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Ayrton Senna record-breaking F1 lap re-created in light and sound

Ayrton Senna's record-breaking F1 lap of the Suzuka Circuit in 1989 has been re-created in light and sound, thanks to telemetry data recorded by Honda.

(Ayrton Senna 1988 Canada image by Paul Lannuier, CC BY-SA 2.0)

Ayrton Senna's record-breaking F1 lap of the Suzuka Circuit in 1989 has been re-created in light and sound, thanks to telemetry data recorded by Honda.

During the 1989 Japanese Grand Prix F1 qualifying lap, championship driver Ayrton Senna, who is widely regarded as one of the finest drivers to ever take to F1, set a record lap: 5.8 kilometres in 1:38.041 in a Honda-powered McLaren (since beaten by Schumacher, with 1:28.954 in 2006). Although this was officially annulled after Senna was disqualified from the race due to a collision, the lap itself cannot be expunged from history.

This is partly due to Honda's telemetry system, introduced in 1981 to record driving data. Installed in the car, it wirelessly transmits information to a computer, recording the accelerator, gear, engine rotation, vehicle speed and distance travelled, allowing drivers to analyse their performance to make tweaks for future drives.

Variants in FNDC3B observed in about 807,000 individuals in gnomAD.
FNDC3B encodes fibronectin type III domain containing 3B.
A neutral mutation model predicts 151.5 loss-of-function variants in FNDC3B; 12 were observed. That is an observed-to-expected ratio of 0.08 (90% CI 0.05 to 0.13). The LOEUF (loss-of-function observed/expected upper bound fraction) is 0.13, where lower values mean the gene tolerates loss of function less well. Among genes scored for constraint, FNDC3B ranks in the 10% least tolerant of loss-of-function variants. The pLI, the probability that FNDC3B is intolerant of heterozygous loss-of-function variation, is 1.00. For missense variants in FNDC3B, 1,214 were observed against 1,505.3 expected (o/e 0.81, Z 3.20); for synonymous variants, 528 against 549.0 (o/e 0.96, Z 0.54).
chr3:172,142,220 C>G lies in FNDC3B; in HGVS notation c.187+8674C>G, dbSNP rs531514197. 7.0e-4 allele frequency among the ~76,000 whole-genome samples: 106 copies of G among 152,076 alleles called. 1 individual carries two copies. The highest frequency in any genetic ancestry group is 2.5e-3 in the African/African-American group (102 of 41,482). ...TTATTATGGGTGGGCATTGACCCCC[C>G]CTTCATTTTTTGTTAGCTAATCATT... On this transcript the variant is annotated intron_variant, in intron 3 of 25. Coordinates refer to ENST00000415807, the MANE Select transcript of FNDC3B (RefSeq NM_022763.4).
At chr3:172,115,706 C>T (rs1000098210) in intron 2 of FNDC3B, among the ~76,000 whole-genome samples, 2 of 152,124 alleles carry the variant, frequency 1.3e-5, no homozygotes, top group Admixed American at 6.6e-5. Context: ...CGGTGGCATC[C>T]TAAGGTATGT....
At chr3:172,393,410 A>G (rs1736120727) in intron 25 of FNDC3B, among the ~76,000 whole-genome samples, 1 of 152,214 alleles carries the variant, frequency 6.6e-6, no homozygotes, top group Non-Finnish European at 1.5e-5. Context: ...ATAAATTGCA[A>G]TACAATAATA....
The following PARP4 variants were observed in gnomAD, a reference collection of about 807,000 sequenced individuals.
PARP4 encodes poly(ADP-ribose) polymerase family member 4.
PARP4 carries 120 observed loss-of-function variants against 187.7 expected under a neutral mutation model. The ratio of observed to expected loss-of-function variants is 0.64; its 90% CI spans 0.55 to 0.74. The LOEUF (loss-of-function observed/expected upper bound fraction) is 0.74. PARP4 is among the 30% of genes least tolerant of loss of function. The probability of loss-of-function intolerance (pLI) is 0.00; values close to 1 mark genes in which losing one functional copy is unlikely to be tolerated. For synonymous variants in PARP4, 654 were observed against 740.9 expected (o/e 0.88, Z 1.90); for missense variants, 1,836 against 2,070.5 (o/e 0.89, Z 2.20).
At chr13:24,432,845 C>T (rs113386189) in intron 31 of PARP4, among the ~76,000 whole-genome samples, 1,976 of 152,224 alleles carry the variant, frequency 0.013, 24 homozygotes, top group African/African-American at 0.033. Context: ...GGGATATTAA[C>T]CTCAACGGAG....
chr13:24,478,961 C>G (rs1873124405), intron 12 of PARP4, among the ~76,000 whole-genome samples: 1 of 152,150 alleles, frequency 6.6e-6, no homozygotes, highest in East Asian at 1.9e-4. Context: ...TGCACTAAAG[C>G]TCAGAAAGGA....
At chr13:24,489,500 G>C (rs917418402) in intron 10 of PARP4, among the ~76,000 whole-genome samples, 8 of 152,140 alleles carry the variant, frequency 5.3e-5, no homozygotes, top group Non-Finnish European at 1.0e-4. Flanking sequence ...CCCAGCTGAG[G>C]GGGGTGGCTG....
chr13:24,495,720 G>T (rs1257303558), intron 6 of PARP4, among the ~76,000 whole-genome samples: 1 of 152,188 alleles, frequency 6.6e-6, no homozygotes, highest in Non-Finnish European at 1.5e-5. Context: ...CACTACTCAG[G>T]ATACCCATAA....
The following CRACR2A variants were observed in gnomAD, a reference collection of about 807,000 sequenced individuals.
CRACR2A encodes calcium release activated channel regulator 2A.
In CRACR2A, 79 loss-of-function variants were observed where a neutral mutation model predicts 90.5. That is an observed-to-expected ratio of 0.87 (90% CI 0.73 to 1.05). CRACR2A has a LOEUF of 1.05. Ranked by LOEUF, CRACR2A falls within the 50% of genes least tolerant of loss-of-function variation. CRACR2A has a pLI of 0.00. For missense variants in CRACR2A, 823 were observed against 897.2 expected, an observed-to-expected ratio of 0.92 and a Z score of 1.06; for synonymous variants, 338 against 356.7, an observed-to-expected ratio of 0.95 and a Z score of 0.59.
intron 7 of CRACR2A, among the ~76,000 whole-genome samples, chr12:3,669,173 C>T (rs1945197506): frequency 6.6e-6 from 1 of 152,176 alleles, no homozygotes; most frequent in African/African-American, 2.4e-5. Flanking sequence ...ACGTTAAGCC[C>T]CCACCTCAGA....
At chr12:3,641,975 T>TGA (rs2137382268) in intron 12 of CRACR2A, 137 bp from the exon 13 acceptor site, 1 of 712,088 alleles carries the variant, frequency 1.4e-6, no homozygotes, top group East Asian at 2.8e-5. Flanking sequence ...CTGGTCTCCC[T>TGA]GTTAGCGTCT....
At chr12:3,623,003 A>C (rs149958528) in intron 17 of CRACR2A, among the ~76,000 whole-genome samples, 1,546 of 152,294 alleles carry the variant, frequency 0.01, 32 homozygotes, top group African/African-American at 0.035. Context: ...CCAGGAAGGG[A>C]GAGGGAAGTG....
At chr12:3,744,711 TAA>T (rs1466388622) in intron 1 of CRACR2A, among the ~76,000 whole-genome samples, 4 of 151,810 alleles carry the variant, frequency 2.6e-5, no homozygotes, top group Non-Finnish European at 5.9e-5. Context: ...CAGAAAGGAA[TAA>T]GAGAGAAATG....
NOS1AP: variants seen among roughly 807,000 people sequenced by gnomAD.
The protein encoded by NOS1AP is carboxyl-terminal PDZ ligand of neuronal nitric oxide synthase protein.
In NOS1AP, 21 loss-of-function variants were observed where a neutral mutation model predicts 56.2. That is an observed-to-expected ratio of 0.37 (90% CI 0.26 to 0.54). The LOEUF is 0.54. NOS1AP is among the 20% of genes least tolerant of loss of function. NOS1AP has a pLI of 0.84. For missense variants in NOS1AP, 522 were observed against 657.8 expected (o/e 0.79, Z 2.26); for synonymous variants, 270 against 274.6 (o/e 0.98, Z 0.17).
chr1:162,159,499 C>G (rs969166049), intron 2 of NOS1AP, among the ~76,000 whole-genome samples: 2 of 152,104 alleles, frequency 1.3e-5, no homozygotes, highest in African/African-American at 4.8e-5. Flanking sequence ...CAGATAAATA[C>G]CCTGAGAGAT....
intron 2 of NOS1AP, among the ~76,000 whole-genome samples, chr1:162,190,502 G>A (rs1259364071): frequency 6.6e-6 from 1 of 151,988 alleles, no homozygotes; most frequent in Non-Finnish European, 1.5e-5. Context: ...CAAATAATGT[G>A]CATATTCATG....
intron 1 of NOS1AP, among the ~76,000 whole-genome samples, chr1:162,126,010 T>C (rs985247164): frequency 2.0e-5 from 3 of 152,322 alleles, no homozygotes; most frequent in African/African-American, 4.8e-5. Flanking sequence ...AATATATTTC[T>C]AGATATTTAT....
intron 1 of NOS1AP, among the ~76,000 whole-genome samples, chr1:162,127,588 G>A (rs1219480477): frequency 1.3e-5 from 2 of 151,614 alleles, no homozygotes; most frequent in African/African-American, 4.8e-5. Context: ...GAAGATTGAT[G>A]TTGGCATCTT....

Taking Senna's data from that 1989 lap, Honda, advertising company Dentsu and production company Rhizomatiks have re-created the drive right on the Suzuka Circuit with a system of loudspeakers and LEDs along the track. Using a simulator, they calculated the number of LEDs required and entered in the speed data to determine the sequence of the LEDs lighting up.

In addition, the team recorded the sound of the McLaren Honda MP4/5. They placed a recording device on the car's engine and raced it around the circuit, uploading the recorded sounds into a library. These were compared to Senna's telemetry data, and synthesised to sync up, with an audio recording of the actual race providing a reference point for accuracy.

The finished product gave us chills. Scroll a bit further down to see the qualifying lap itself as filmed by Senna's on-board camera, and visit Honda's official website about the project for more info.

Via www.creativeapplications.net